TULSA, Okla. — The Supreme Court is ruling a vaccine mandate can be enforced for most U.S. healthcare workers.
The ruling specifically applies to facilities that receive Medicare and Medicaid funding.
“That does mean you’re going to be subjected to more rigorous masking requirements," said Adam Childers, attorney and chairman of the labor and employment section at Crowe and Dunlevy. "And there’s going to be this mandatory testing for the unvaccinated.”
For some in healthcare, the ruling is a relief.
“Nurses have a vital role in protecting their patients from the spread of viruses," said Shelly Wells, president of the Oklahoma Nurses Association.
For others, it’s leaving them questioning their futures.
“They all feel like they either have to choose between their livelihood or a vaccine," said Iris Bohun, a nurse.
Bohun was a nurse at a Tulsa hospital, but she said she was fired for not being vaccinated, citing concerns over the safety of the COVID vaccine. She’s now working as a nurse in Texas, but said Thursday’s ruling could change that for her and others.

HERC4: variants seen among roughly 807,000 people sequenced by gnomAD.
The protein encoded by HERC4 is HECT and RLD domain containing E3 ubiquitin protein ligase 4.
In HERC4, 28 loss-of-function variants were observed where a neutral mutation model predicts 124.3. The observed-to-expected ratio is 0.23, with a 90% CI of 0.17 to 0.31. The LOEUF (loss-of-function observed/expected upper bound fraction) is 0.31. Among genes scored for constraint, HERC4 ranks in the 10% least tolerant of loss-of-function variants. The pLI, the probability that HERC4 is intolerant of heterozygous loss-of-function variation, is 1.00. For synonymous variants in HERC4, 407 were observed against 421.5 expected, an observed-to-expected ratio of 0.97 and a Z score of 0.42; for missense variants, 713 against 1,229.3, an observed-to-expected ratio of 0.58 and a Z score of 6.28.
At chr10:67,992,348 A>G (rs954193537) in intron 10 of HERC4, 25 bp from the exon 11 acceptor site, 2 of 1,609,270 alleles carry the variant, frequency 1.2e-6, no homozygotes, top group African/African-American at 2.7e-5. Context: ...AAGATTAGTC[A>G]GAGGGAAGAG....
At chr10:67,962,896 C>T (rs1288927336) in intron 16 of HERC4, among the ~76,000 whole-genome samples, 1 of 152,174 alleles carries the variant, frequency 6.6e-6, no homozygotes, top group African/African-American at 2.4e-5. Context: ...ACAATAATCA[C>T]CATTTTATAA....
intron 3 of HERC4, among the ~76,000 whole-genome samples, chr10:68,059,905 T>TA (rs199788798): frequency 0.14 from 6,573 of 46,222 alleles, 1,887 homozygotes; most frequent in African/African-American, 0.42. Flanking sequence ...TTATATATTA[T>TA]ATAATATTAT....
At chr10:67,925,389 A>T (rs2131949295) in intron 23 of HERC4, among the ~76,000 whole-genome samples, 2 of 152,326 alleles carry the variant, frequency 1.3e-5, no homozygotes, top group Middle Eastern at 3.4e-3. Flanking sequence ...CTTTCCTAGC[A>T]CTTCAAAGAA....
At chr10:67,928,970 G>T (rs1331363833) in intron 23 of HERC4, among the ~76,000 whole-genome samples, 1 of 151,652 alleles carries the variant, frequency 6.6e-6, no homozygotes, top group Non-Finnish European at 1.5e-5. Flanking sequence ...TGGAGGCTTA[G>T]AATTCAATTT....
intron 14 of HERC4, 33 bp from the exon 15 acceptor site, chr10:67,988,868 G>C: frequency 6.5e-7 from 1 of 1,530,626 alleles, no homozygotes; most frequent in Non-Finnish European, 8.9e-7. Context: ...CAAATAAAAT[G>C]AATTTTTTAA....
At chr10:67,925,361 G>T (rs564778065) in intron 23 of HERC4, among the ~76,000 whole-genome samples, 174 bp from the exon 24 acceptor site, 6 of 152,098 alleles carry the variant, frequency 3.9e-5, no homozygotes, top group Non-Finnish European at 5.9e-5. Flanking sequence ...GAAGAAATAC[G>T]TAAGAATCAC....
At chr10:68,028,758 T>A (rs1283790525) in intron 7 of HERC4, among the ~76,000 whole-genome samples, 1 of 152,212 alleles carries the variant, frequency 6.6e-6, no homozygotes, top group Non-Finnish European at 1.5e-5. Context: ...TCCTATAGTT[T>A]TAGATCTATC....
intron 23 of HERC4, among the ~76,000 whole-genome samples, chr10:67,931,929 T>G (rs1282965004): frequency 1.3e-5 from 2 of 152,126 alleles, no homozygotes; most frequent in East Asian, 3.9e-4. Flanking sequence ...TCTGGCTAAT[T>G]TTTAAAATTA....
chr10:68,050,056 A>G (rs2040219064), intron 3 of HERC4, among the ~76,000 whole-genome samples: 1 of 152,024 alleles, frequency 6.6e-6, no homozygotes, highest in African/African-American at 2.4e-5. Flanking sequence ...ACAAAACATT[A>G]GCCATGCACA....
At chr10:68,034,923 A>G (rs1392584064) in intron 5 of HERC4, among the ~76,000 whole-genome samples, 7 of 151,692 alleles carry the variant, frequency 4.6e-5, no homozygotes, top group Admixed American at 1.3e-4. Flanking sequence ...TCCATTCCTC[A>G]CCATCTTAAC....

“I tell you what, if it comes down to it, I will have to step out of this career before I get that vaccine," Bohun said. "And let me tell you, in the name of safety, with the amount of nurses willing to back out, that’s a very dangerous that the courts have made for the sake of Medicare and Medicaid funding.”
However, others in healthcare applaud the court’s decision.
Wells said most healthcare facilities already require employees receive other vaccines. She said, of last spring, about 80 percent of Oklahoma nurses were vaccinated. She anticipates that number is even higher now.
“I think it will help healthcare facilities and their agencies to provide a safer healthcare environment for patients, families, and their employees alike," Wells said.
The vaccine mandate for healthcare workers still allows for religious and medical exemptions.
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